Friday, February 17, 2017

+ inload: Glazing +

+ Painting theory and practice: Glazing +


+ Not an immediately arresting stage, but one that I often gloss over is the way I approach the yellow markings on my Iron Warriors: a warming glaze of red-brown. It's a very – very – quick stage; I think all thirteen were completed in less than two minutes, but it's one that vastly improves the look of things. Why? well, that's what we'll look at in today's inload. +

+ Compare the before and after pictures below:


Before
+ The underlying paint in the base layer of the 'Before' picture is a fairly neutral yellow, made up of Averland Sunset with thinned Flash Gitz Yellow*  added over the top. It appears flat – that is, there's no sense of highlighting or shade – and has ragged edges near the rim. +

After
+ In contrast, the resulting hue is 'warmer', and less flat: there is a sense of curvature created by variation in tone (the relative lightness or darkness). In painting terms, this latter effect is called modelling – rather confusingly for miniature painters! +

+ Practical +

+ The effect is achieved with a technique called glazing. This is simply painting a layer of very thin paint over a dry area. The thin paint lets some of the underlying colour (i.e. the basecoat) show through. While the glaze remains wet, I rinse and dry my brush, then use it to 'lift off' or wipe away some of the wet glazing colour from areas I want to be highlighted, and leave it in places where it should be in shade. +

+ This results in a smooth transition of tones on the area, from light yellow highlights where the glaze has been entirely removed, to warmer darker-toned shades, where the glaze almost obscures the underlying colour. +

+ Note also that a glaze will help to tidy an area: In the example above, the ragged edges near the trim are covered, and the overall effect is smoother. Now, I want a slightly battered effect to my troops (as this add visual detail and interest) so I haven't taken this further, but if you're interested in a clean, smooth result, then repeated glazing is a skill well worth developing. +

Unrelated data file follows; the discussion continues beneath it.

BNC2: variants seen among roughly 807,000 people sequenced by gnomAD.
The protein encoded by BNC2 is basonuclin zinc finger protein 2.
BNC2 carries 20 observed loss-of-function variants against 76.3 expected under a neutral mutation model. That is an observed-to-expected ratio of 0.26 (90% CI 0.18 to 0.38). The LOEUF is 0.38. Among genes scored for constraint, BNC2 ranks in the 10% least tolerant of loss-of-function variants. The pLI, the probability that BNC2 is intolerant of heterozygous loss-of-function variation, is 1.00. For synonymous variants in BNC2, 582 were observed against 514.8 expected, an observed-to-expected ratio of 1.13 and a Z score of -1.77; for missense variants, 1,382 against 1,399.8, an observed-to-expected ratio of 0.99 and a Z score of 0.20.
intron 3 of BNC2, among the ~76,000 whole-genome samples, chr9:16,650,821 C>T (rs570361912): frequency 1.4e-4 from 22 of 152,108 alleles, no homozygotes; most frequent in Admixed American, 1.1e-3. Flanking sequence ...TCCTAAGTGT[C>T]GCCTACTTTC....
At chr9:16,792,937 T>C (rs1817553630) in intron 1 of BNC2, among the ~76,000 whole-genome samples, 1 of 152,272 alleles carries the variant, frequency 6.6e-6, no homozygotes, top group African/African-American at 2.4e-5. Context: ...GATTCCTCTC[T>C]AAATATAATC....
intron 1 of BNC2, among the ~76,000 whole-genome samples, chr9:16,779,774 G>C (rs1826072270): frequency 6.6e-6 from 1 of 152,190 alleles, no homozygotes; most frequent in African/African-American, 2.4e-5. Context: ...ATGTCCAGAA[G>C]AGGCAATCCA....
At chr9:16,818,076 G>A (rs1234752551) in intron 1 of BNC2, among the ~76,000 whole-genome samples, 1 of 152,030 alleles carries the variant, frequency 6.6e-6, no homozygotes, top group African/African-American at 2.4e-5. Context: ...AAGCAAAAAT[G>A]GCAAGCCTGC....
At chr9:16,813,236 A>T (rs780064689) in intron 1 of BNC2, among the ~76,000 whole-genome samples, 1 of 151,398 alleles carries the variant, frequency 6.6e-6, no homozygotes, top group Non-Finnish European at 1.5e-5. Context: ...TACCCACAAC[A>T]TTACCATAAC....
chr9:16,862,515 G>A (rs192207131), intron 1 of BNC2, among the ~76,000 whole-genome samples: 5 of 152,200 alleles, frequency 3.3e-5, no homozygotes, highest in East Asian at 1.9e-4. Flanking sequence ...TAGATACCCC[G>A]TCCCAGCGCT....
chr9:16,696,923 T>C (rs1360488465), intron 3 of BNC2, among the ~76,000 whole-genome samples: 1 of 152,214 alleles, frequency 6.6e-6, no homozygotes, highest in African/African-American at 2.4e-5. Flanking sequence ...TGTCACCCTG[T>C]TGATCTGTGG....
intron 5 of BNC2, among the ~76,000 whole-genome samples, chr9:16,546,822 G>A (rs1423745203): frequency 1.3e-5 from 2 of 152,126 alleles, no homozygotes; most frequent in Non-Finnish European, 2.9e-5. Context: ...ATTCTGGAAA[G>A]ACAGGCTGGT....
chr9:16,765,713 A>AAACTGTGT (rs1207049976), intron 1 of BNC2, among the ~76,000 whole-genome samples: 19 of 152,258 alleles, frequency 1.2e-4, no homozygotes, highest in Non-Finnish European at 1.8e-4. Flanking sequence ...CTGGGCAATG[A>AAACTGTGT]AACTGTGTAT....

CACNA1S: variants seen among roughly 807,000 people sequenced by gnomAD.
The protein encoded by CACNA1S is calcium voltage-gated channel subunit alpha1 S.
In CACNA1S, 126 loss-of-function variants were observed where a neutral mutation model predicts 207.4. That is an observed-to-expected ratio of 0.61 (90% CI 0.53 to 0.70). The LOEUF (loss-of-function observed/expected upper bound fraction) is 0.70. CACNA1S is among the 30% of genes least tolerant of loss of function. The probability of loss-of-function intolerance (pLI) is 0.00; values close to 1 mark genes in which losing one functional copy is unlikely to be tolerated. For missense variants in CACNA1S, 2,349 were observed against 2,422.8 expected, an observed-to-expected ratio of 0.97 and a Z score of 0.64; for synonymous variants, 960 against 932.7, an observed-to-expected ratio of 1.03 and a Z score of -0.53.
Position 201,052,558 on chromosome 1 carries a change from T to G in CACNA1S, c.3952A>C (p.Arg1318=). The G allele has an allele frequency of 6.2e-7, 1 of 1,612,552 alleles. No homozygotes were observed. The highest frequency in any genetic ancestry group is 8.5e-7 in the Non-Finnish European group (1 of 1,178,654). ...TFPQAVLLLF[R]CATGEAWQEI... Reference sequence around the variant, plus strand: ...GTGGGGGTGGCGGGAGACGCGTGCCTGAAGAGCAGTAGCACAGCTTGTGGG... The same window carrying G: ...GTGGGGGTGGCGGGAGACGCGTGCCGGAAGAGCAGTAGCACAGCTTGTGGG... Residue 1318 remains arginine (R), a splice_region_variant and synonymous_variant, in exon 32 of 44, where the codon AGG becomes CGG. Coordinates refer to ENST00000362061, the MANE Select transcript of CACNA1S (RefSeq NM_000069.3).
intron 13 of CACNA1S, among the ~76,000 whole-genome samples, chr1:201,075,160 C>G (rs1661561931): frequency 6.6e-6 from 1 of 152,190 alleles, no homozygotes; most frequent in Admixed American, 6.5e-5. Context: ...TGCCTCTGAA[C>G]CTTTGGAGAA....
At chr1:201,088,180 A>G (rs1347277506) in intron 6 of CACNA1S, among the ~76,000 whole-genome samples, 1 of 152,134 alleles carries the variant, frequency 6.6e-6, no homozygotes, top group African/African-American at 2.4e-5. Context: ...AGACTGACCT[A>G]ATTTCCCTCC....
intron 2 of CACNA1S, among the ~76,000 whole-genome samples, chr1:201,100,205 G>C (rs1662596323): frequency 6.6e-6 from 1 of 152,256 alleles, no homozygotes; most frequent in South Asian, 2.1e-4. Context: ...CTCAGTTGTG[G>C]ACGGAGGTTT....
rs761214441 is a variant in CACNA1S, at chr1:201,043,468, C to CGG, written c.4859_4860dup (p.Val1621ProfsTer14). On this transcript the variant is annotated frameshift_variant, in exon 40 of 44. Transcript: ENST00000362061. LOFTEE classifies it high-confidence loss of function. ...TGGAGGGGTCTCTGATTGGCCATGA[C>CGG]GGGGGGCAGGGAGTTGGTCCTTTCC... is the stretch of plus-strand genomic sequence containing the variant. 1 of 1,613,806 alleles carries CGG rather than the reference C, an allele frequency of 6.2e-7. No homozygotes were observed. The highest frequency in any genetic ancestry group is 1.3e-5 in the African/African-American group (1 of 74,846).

+ Theoretical +

+ I don't want to dwell too much on the practical aspect of glazing – there are far better painters than me who can show the technique more clearly – but I would like to explain why I use the colour I have here. On the face of it, red-brown (I use GW's Dark Flesh or Doombull Brown paints) seems an odd choice for shading yellow. Why didn't I use a dark yellow? +

+ The reason for this is to create a warming effect to balance the palette – which all sounds a bit pretentious and complicated, but is fundamentally very simple. Your model should look attractive. Even if it's a hideous monster, you want it to be pleasing – or at least interesting – to the eye, as this encourages people to spend some time looking at the figure. +

+ Physics and human biology inform aesthetics: red things appear closer to you and blue things further away – an effect called 'aerial perspective', caused by (amongst other things) the refraction of light [+noospheric inloadlink embedded+]. For this reason, the eye will naturally go towards warmer, redder things first – they're more likely to affect us physically than distant blue mountains. So, if we include some warm parts on a model, the eye will go to them. +


Part of the reason you look at the yellow bits first is because they're a warm tone.
+ Why not paint everything red, then? Well, just as the yellow area in the 'Before' shot above was boring because it was flat, we're also attracted to variation. This can come in tonal contrast by having some light-toned areas and some dark-toned areas); in detail through structural form (posture or components used) or freehand painting/use of transfers etc.; or in hue by using different colours. A model without contrast is a bit dull.  This is why we talk about choosing a palette. +